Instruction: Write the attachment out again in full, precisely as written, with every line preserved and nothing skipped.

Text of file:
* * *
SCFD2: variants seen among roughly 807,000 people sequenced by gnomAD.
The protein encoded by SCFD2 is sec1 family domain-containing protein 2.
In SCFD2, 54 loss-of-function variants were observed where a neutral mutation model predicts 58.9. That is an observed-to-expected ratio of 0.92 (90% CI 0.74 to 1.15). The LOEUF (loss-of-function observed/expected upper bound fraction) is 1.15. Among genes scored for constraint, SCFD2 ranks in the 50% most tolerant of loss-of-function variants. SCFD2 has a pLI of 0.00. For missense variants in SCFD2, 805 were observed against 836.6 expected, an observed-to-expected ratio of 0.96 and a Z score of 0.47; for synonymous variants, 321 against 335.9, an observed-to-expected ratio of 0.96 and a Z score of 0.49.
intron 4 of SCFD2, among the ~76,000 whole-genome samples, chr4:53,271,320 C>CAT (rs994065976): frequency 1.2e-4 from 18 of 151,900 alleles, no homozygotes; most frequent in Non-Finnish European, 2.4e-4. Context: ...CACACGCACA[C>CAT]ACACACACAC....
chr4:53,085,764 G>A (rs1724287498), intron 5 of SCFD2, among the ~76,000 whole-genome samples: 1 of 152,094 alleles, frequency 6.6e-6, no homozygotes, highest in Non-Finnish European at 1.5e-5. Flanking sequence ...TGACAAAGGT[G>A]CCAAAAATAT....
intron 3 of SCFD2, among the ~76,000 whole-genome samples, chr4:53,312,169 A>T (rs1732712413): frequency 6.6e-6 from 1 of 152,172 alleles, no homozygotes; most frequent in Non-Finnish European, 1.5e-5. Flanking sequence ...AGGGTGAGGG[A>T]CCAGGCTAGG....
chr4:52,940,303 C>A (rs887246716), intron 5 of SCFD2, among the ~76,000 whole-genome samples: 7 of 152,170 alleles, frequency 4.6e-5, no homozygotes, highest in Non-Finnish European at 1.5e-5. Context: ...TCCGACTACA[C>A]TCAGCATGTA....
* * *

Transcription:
SCFD2: variants seen among roughly 807,000 people sequenced by gnomAD.
The protein encoded by SCFD2 is sec1 family domain-containing protein 2.
In SCFD2, 54 loss-of-function variants were observed where a neutral mutation model predicts 58.9. That is an observed-to-expected ratio of 0.92 (90% CI 0.74 to 1.15). The LOEUF (loss-of-function observed/expected upper bound fraction) is 1.15. Among genes scored for constraint, SCFD2 ranks in the 50% most tolerant of loss-of-function variants. SCFD2 has a pLI of 0.00. For missense variants in SCFD2, 805 were observed against 836.6 expected, an observed-to-expected ratio of 0.96 and a Z score of 0.47; for synonymous variants, 321 against 335.9, an observed-to-expected ratio of 0.96 and a Z score of 0.49.
intron 4 of SCFD2, among the ~76,000 whole-genome samples, chr4:53,271,320 C>CAT (rs994065976): frequency 1.2e-4 from 18 of 151,900 alleles, no homozygotes; most frequent in Non-Finnish European, 2.4e-4. Context: ...CACACGCACA[C>CAT]ACACACACAC....
chr4:53,085,764 G>A (rs1724287498), intron 5 of SCFD2, among the ~76,000 whole-genome samples: 1 of 152,094 alleles, frequency 6.6e-6, no homozygotes, highest in Non-Finnish European at 1.5e-5. Flanking sequence ...TGACAAAGGT[G>A]CCAAAAATAT....
intron 3 of SCFD2, among the ~76,000 whole-genome samples, chr4:53,312,169 A>T (rs1732712413): frequency 6.6e-6 from 1 of 152,172 alleles, no homozygotes; most frequent in Non-Finnish European, 1.5e-5. Flanking sequence ...AGGGTGAGGG[A>T]CCAGGCTAGG....
chr4:52,940,303 C>A (rs887246716), intron 5 of SCFD2, among the ~76,000 whole-genome samples: 7 of 152,170 alleles, frequency 4.6e-5, no homozygotes, highest in Non-Finnish European at 1.5e-5. Context: ...TCCGACTACA[C>A]TCAGCATGTA....